Monday, September 08, 2014

Scottish independence?

The Burkean in me doesn't want it — change for its own sake, like my misgivings about the new Ukraine (but I don't oppose it). Right or wrong, if the Ukraine can do it, Scotland can. Doesn't make any difference to the church.

So if independence goes through, GB might revert to a dual monarchy, like pre-1707. The Queen would be "Elizabeth I of Scotland." Though she probably wouldn't be renumbered; can't rewrite all that shared history. The challenges would be Scottish money and a Scottish military; no more "defence" from the UK. Guess the U.S. would have to renegotiate its Holyloch boomer (nuke missiles) submarine base with an independent Scotland.
Theoretically yes, but the "Yes Scotland" crowd is full of republicans. Salmond is trying to keep this quiet but many of his allies want a second referendum if they get their way on the 18th.
I'm not too surprised. The Scots are less sentimental than the English; they have a reputation of being a dour, unfriendly, Calvinist country, not gregarious like Americans' idea of the Irish.
There is sentimentality but it has a nasty undercurrent. That awful and historically illiterate movie Braveheart made everything worse.
I understand Scotland's poor and rough; think "estates" ("the projects" in American) in big cities like Edinburgh and Glasgow. Lost jobs as shipbuilding went overseas to Japan.
Glasgow yes. Parts of it supposedly have virtually Third World average life expectancies. Edinburgh is smaller and nicer; I spent a lovely week there in August 2007.
Thought of Edinburgh because Bay City Rollers lead Les McKeown is from there, if I remember rightly; he was actually a tough kid from the estates, son of Irish immigrants. He's written his story.
Sectarianism is bad there. And the dominant Catholic climate is no friend of traditionalism.
Like Northern Ireland? Same factions in about the same proportions: Presbyterian majority, Catholic minority.
We're talking about a place where the Labour party is the de facto "Right."
I can imagine: angry jobless shipyard workers and cannery workers. "Comrades!"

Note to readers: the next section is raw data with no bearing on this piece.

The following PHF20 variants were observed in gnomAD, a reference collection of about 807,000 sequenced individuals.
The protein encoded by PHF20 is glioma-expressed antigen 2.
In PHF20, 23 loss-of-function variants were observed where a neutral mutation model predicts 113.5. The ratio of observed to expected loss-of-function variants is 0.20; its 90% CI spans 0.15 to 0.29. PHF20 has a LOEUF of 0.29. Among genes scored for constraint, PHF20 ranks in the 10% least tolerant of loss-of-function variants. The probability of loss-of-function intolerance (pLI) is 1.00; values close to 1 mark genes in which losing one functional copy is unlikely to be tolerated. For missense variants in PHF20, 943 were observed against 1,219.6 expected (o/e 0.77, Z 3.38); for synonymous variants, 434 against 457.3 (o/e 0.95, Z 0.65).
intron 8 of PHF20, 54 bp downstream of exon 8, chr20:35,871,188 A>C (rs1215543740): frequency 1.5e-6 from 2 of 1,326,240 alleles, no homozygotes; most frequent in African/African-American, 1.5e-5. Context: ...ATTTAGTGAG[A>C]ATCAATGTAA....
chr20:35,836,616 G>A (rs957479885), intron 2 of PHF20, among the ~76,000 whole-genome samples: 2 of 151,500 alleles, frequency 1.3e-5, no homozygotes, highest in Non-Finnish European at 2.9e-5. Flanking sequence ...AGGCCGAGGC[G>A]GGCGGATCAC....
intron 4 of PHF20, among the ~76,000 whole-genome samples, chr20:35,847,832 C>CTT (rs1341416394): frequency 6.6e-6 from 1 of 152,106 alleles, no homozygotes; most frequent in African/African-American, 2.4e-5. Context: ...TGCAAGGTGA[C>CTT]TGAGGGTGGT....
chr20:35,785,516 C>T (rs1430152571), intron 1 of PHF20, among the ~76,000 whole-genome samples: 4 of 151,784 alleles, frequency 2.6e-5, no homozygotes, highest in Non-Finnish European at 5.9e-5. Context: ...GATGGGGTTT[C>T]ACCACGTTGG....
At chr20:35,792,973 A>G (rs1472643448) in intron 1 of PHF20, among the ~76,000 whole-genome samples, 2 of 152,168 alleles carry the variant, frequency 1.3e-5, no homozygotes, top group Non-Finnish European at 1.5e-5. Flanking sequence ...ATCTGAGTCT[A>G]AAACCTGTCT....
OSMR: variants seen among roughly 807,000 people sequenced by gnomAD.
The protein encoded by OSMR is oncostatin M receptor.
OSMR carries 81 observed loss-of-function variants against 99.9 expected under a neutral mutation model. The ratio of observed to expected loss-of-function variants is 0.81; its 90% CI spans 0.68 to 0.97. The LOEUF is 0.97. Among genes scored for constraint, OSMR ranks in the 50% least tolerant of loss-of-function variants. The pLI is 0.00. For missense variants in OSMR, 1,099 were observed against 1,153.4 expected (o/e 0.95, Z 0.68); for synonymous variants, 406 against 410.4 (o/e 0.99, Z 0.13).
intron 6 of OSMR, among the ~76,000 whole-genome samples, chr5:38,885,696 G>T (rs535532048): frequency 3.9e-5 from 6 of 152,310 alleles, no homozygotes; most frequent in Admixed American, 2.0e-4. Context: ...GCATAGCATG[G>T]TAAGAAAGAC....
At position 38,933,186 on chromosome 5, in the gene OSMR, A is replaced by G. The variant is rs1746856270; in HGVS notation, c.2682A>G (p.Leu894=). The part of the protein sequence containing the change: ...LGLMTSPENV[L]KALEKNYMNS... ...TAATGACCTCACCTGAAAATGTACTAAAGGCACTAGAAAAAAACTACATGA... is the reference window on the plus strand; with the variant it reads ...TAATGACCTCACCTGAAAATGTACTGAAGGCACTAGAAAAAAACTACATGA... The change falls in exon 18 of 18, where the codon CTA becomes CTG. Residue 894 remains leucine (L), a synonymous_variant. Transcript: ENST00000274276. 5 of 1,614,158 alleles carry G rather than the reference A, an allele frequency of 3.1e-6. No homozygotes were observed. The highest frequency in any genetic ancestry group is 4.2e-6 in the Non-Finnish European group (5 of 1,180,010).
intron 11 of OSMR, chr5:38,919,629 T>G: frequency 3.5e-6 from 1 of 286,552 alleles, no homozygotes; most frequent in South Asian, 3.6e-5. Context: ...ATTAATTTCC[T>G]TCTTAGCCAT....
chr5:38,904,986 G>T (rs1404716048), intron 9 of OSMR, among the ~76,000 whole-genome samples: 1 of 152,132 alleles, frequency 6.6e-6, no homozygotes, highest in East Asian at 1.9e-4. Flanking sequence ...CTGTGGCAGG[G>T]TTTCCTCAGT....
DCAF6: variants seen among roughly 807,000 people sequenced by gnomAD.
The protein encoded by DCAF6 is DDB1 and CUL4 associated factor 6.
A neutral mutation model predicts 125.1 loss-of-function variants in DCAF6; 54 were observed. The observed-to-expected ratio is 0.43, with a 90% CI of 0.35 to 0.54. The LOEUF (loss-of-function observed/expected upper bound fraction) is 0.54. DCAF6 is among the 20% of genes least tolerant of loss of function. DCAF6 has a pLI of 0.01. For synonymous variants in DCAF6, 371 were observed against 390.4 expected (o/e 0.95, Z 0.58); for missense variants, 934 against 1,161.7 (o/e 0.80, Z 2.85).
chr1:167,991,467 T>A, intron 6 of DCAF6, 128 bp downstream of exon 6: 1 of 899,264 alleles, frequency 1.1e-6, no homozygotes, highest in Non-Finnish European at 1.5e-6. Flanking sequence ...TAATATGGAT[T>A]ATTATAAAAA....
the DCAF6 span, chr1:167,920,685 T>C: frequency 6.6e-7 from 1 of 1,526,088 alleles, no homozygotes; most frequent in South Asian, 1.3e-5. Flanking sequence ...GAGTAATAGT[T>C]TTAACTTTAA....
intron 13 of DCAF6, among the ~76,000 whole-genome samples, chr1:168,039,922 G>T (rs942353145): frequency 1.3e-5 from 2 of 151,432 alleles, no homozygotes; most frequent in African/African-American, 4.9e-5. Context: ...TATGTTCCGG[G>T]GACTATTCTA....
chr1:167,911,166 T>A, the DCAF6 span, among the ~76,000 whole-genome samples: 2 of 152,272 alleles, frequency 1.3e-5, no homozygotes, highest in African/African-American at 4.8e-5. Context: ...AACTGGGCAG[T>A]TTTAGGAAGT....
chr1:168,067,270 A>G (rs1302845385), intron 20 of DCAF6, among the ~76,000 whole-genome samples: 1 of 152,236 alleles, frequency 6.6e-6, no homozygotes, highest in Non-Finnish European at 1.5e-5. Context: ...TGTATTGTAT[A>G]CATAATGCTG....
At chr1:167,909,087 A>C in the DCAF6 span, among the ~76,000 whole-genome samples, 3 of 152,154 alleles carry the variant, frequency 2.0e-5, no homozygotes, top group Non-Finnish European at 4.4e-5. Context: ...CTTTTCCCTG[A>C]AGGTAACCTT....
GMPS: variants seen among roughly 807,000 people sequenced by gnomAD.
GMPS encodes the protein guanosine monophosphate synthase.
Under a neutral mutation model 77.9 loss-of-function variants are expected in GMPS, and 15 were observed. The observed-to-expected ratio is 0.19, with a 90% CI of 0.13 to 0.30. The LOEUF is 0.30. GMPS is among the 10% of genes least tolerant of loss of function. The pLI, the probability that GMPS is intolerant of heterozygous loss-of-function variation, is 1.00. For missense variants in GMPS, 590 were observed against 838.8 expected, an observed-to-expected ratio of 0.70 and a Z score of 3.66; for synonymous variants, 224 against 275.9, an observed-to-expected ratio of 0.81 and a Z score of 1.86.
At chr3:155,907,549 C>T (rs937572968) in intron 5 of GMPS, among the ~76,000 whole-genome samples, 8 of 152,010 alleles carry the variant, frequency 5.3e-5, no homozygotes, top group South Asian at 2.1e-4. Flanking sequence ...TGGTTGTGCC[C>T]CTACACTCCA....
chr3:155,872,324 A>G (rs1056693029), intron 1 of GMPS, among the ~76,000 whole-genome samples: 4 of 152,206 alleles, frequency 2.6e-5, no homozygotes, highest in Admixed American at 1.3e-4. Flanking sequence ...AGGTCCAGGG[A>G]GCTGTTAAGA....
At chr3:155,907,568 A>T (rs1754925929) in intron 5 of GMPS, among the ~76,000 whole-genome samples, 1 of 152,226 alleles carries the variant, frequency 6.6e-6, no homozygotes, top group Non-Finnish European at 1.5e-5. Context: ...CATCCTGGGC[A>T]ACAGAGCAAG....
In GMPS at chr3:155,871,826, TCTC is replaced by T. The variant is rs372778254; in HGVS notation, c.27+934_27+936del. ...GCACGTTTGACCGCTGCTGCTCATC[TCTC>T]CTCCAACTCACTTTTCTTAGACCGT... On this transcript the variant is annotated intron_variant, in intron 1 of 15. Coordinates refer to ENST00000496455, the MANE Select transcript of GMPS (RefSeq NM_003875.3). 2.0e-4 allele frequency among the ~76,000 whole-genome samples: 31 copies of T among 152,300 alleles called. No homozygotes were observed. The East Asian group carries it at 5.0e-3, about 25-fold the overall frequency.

1 comment:

  1. Independence is usually good for the political culture of poor, backward, smallish countries attached to richer countries with generous transfer payments. Once they have to pay for their own welfare states, they usually shrink them pretty dramatically. Post-communist Slovakia was dominated by ex-Reds nostalgic for the old days of central planning, but after they separated from the Czech Republic, they eventually realized that they were footing the bill themselves and enacted sweeping free-market reforms. Newfoundland went the other way- it was quite prosperous as an independent dominion until it joined Canada in 1949, and before long everybody was on the dole. I suspect the Mezzogiorno would be less of a mess if it were independent again- despite the myths spread by Whig historians sympathetic to Garibaldi, the Kingdom of the Two Sicilies was, by Italian standards, a reasonably prosperous and orderly place under the Bourbons, though not without its problems. You could argue that crime would get worse if Sicily were independent again, but at least the North wouldn't have to subsidize them any more, and the Mafia wouldn't be able to penetrate the rest of the country as they have been.

    Scotland may be a mess, but there's no question that it's a real nation, just as England is a real nation, while "Britain" is not. The 1707 Act of Union was pushed through mostly by means of flagrant bribery; it didn't pass because the Scots and the English had a deep and abiding love for each other. They sing different songs, speak different dialects, cheer for different sports teams, and remember different historical battles. 300 years of productive but often uncomfortable unity don't quickly erase 700 years of overt and frequently violent hostility.


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